media release

Residential school survivor visits SFU

September 10, 2013
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Contact:
Brenda Morrison, 778.782.7627, 778.668.1827, brendam@sfu.ca
Carol Thorbes, PAMR, 778.782.3035, cthorbes@sfu.ca

Video: http://at.sfu.ca/rLBWXQ

The public and the media are invited to witness a history-making event at Simon Fraser University tomorrow and Friday as part of the lead up to the university’s involvement in Reconciliation Week, Sept. 16-22.

At the invitation of SFU criminologist Brenda Morrison, Isadore Charters, an Aboriginal artist, elder and Indian Residential School (IRS) survivor, will be at Saywell Hall First Nations Atrium, Burnaby campus, 10 am - 4 pm both days.

Charters, the creator of a 200-year-old, eight-foot, yellow cedar Residential School Healing Pole will be bringing the pole, a symbolic conduit for fostering understanding about the impact of Canada’s IRS system, with him. A 30-minute documentary about Charters' healing journey with the pole will also be set up for public viewing.

The Chilliwack-area resident started carving the healing pole last year to tell the story of his eight-year experience as a Kamloops residential school student and portray his journey toward healing.

By travelling through the province with his artwork in progress and inviting residential school survivors, their families and non-Aboriginals to discuss the pole and contribute a carving, Charters hopes to foster national healing.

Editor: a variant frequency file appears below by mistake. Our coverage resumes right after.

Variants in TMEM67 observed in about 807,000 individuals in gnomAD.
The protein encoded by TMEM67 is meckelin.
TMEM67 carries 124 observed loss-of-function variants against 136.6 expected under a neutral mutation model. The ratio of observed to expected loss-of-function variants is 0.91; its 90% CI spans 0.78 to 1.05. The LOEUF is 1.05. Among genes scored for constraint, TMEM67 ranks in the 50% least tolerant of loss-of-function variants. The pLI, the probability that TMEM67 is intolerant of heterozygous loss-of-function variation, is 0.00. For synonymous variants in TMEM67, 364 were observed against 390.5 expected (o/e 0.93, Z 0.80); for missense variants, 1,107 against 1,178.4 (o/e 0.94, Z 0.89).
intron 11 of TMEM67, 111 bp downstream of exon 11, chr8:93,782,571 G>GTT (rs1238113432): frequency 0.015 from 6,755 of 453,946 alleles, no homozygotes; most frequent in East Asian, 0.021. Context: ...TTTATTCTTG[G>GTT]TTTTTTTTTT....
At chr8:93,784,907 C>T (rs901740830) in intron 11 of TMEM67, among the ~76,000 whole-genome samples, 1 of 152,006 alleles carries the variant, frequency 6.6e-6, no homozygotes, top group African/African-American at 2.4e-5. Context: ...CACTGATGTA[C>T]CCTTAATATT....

Upon completion, the pole, which will be a featured attraction in upcoming Truth and Reconciliation Commission of Canada events in B.C., will be put on public display.

Along with being publicly available at SFU’s First Nations Atrium, Charters will meet with students in Morrison’s restorative justice classes Wednesday (2:30-5:30 p.m.) and Friday (1:30-2:20 p.m.) in nearby seminar rooms. Media wanting access should contact Morrison for permission.

“This semester the restorative justice students will learn about the process through the lens and experience of Reconciliation Canada and the Truth and Reconciliation Commission,” says Morrison, a Reconciliation Canada ambassador.

“Students will connect the experience of intergroup harms and healing to interpersonal harms and healing. For example, we will explore the question of why Canada has a disproportional rate of incarceration for Aboriginals.

“This is an important question for all Canadians, young and old, from all traditions and histories.  Our history with the Aboriginal peoples of this land is a common story that we share.”

Charters’ visit is on the eve of SFU Day for Reconciliation, a dialogue officially launching the university’s involvement in Reconciliation Week.

The event is being held in conjunction with the Truth and Reconciliation Commission of Canada’s nationwide initiative promoting public awareness and education about the ongoing impact of residential schools.

For more information about SFU’s involvement in events leading up to the week, see the following websites.

Reconciliation SFU: http://www.sfu.ca/reconciliation.html
Reconciliation Week Events: http://reconciliationcanada.ca/

Simon Fraser University is Canada's top-ranked comprehensive university and one of the top 50 universities in the world under 50 years old. With campuses in Vancouver, Burnaby and Surrey, B.C., SFU engages actively with the community in its research and teaching, delivers almost 150 programs to more than 30,000 students, and has more than 120,000 alumni in 130 countries.

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Simon Fraser University: Engaging Students. Engaging Research. Engaging Communities.

 

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